Peter’s parents sued the Severyns to recover for injuries Peter suffered as a result of a “sharp palm frond penetrating his left eye” while he was playing on the Severyn property as an “invited guest.” The complaint alleged that the palm trees “had a misleading hidden and dangerous defect to a child of tender years, which danger defendants had specific knowledge of,” and that it “constituted a hidden trap to children playing in the area.”
The Severyns got the case thrown out by the trial court on summary judgment. The single question on appeal was whether the trial court erred in doing so.
Held: Dismissal was proper. A landowner’s duty to a person on his property is determined by that person’s status. The evidence shows that young Peter was a social guest. In Arizona, a social guest is not an invitee but merely a licensee despite the fact that he is on the premises pursuant to an invitation from one in possession. The general rule is that one who goes upon another’s property as a gratuitous licensee must take it in the condition he finds it and must assume all risks incidental to such condition. This rule applies to children as well as adults, and to natural as well as artificial conditions. The owners of the premises owe no duty to a guest other than to refrain from knowingly letting him or her run upon a hidden peril, or wantonly or willfully causing the guest harm. However, the rule is that a host who knows of a concealed danger upon the premises is guilty of negligence if he permits the guest, unwarned of the peril, to come into contact with that danger, and he may be held liable to the guest for an injury thus sustained.
The Court held that the “hidden peril” doctrine did not apply. The trees were neither hidden nor did they have a deceptive quality. The accident occurred during daylight hours and the trees were clearly visible. Peter had been cautioned by his father before to be careful playing. The Court said that even if it assumed that the Severyns were negligent in failing to trim the branches, such a failure did not give the trees a deceptive or innocent appearance. If a dangerous condition existed, the Court held, it was an obvious one, and the Severyns thus had no duty to warn. The Robles stressed Peter’s age, arguing that a 3-year old child could not have realized that these trees were dangerous. While the Court admitted that was true, it did not believe that “all circumstances giving rise to a possible danger to a child create a factual question as to whether a ‘hidden danger’ exists. One would have to ‘childproof’ his property if such were the case.”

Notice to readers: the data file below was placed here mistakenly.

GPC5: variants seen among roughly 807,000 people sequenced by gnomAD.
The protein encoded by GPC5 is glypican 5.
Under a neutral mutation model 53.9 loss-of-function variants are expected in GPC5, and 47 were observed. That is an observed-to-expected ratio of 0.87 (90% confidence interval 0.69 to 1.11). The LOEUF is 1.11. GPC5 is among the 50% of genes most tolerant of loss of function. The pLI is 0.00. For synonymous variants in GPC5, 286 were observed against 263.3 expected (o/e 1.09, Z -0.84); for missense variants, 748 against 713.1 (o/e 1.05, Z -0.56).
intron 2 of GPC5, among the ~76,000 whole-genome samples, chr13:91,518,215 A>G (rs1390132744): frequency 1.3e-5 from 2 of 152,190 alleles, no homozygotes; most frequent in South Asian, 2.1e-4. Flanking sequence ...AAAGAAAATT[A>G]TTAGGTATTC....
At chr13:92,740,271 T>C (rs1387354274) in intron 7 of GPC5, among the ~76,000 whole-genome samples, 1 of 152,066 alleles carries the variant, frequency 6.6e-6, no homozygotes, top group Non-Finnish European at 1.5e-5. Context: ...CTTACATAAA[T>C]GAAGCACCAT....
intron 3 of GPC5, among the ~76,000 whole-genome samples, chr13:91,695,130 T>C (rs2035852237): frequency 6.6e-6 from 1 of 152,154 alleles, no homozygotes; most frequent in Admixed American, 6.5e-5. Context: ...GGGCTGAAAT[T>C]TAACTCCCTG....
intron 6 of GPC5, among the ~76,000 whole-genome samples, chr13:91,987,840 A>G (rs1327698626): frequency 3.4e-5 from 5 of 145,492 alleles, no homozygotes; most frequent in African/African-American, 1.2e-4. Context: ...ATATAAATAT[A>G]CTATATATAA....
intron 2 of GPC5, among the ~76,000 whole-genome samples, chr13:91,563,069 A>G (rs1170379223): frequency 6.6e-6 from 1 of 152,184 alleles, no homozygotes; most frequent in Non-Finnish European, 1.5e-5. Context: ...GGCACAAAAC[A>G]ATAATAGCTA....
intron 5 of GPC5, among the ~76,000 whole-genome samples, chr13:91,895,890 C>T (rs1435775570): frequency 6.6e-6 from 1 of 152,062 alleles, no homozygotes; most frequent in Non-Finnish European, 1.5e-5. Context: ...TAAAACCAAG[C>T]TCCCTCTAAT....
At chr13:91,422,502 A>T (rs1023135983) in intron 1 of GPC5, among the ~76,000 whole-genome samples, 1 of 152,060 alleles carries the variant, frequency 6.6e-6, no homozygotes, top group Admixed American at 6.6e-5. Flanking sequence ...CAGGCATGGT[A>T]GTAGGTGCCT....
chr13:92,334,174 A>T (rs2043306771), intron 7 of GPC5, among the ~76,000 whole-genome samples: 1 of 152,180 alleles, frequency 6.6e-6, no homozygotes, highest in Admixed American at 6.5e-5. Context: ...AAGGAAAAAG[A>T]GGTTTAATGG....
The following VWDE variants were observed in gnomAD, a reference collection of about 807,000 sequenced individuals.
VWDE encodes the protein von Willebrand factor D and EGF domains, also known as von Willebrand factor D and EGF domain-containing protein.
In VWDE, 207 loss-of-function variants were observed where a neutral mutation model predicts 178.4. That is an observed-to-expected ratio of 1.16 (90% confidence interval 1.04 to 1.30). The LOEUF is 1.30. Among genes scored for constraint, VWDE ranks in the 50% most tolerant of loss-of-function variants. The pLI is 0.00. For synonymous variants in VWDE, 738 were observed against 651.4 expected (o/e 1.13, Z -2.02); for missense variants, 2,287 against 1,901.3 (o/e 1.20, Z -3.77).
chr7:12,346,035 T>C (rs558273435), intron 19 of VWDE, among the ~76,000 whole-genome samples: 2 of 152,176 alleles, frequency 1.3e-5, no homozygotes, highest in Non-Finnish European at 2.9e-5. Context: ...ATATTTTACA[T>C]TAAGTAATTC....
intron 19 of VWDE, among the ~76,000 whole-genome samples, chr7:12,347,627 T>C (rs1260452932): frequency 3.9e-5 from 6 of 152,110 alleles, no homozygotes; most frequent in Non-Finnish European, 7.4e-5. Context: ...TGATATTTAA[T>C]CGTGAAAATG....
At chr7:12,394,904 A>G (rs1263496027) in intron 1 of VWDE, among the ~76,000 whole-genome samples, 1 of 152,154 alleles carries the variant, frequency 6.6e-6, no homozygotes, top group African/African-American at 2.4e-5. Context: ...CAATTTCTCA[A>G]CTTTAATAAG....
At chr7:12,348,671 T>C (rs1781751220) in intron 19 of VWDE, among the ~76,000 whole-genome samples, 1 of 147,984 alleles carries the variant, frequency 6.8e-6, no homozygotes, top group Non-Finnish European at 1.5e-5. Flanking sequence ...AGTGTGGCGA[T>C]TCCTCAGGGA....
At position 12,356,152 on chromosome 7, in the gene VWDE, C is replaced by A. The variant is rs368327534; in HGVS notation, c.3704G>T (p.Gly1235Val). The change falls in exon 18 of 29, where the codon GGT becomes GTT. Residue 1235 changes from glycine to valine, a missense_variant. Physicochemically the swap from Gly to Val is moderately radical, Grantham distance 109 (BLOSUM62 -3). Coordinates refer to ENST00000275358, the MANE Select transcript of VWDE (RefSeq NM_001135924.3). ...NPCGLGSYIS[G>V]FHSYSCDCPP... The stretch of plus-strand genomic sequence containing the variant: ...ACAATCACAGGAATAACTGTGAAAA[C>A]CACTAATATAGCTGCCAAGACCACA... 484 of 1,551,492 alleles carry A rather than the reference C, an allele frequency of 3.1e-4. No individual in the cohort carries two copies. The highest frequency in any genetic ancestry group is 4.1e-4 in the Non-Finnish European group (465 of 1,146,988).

The Court ruled that while the care to be taken by the owner or occupant must be commensurate with the danger to, and with the immaturity and inexperience of, the child to be protected, any requirement in this respect must not be so onerous as to make the ownership or possession of property burdensome instead of enjoyable. The use of property should not be burdened with the need to take precautions against every conceivable danger to which an irrepressible spirit of adventure may lead a child. There is no duty to take precautions where to do so would be impracticable, unreasonable, or intolerable.
– Tom Root